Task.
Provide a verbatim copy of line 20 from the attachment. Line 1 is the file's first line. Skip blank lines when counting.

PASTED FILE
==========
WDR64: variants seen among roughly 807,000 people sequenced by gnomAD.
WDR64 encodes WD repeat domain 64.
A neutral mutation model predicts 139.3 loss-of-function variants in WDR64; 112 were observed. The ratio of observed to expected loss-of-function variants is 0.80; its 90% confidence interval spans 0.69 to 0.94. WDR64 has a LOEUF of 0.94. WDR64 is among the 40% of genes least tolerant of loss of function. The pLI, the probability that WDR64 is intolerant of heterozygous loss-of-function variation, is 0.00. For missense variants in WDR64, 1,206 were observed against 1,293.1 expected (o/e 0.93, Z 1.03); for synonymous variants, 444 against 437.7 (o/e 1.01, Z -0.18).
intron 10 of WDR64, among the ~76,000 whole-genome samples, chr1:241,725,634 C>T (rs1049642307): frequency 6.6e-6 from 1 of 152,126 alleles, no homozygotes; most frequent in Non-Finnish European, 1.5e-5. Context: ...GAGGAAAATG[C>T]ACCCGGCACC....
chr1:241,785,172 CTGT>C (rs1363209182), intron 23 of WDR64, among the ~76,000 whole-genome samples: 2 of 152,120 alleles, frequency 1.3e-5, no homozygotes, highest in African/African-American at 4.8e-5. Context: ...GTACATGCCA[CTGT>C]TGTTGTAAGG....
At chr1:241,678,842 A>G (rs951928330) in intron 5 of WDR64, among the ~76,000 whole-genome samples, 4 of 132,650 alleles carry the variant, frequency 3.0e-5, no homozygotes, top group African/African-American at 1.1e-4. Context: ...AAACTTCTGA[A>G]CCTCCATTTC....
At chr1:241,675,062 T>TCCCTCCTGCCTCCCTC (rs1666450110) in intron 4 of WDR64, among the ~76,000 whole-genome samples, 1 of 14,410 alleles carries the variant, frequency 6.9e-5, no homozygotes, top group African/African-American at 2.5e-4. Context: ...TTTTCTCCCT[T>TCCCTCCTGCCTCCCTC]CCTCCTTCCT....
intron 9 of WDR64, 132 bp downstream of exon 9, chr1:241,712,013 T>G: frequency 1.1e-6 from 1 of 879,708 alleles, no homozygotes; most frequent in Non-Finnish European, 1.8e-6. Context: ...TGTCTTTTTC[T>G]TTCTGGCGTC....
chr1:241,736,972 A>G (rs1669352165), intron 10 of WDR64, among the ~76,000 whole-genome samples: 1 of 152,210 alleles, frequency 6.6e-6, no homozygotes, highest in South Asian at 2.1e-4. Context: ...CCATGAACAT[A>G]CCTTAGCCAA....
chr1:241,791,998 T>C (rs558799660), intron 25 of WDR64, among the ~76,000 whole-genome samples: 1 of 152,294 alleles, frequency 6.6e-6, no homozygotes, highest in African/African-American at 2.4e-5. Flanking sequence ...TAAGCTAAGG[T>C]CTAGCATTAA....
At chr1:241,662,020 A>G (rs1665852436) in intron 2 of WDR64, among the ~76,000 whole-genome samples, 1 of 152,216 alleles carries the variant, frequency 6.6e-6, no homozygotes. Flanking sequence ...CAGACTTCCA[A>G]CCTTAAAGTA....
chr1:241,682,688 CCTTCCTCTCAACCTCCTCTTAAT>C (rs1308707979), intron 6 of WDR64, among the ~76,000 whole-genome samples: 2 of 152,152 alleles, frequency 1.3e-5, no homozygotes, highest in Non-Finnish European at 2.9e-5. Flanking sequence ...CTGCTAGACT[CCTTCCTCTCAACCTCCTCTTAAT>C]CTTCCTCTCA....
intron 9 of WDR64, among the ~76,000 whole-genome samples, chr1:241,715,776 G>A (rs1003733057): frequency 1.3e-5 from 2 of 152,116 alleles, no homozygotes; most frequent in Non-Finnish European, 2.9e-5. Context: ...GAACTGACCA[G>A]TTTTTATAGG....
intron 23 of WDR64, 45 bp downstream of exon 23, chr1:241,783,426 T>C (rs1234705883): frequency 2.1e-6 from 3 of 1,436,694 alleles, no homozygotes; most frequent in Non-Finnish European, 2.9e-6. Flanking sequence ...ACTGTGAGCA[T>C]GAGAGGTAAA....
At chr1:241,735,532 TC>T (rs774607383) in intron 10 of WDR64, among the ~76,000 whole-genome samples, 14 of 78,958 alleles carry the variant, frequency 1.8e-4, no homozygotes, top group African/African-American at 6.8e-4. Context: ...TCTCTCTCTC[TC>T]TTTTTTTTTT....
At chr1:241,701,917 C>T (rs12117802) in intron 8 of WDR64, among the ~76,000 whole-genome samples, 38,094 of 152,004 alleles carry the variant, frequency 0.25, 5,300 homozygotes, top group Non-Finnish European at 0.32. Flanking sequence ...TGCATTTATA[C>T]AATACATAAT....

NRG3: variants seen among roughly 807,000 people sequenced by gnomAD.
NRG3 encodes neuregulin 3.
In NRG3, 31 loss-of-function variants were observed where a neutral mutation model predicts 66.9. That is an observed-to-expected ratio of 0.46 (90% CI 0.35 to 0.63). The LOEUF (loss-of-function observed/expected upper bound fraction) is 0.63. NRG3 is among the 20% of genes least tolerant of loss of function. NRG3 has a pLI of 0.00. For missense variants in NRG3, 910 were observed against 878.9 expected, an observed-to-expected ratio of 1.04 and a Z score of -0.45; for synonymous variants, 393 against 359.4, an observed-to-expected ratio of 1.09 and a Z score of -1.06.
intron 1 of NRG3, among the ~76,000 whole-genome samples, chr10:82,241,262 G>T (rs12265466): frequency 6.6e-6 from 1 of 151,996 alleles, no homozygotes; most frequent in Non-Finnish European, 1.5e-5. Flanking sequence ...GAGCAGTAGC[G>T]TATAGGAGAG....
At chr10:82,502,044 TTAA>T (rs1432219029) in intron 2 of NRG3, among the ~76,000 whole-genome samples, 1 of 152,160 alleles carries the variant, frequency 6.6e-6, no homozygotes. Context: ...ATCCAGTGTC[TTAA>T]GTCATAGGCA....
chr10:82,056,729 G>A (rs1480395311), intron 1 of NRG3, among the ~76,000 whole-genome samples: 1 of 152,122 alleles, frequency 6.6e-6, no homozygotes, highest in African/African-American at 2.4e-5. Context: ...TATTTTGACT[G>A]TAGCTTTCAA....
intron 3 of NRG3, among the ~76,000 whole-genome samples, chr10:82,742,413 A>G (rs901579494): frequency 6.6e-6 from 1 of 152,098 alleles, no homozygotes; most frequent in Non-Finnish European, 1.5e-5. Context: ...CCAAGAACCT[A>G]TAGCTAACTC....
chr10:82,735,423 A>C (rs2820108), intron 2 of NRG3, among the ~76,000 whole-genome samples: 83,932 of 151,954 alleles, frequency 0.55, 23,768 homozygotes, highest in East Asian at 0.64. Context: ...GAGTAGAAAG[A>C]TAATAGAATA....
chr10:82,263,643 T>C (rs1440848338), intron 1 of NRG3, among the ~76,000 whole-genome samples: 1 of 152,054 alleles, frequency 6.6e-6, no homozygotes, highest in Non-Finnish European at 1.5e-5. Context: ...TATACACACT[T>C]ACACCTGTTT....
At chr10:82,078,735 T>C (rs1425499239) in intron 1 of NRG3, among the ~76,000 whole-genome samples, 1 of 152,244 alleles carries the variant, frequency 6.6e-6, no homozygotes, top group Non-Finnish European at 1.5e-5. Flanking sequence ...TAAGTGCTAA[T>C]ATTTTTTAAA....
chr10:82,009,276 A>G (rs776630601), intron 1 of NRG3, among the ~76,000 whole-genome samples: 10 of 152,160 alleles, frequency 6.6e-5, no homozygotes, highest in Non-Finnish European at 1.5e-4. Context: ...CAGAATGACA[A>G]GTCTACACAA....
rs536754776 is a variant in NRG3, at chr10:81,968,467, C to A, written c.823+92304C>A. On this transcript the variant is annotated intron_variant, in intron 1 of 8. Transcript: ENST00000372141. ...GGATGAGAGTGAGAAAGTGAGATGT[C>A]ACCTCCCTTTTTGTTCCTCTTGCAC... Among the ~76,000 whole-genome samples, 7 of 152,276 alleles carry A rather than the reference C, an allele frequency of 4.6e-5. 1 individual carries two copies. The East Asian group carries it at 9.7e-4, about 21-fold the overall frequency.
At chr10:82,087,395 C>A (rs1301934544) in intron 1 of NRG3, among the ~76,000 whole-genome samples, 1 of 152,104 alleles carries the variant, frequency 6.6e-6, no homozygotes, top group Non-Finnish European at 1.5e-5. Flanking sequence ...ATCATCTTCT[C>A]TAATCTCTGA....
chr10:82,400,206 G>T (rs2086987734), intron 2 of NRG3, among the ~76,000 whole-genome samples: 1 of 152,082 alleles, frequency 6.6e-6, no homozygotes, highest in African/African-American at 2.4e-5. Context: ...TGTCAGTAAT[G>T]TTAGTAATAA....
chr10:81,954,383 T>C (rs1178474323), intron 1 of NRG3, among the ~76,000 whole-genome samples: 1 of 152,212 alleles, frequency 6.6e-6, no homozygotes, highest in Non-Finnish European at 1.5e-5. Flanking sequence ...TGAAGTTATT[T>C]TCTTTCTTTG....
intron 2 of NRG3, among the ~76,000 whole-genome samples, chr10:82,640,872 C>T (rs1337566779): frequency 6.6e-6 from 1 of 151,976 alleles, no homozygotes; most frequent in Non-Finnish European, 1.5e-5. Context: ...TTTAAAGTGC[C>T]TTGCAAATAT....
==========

intron 1 of NRG3, among the ~76,000 whole-genome samples, chr10:82,241,262 G>T (rs12265466): frequency 6.6e-6 from 1 of 151,996 alleles, no homozygotes; most frequent in Non-Finnish European, 1.5e-5. Flanking sequence ...GAGCAGTAGC[G>T]TATAGGAGAG....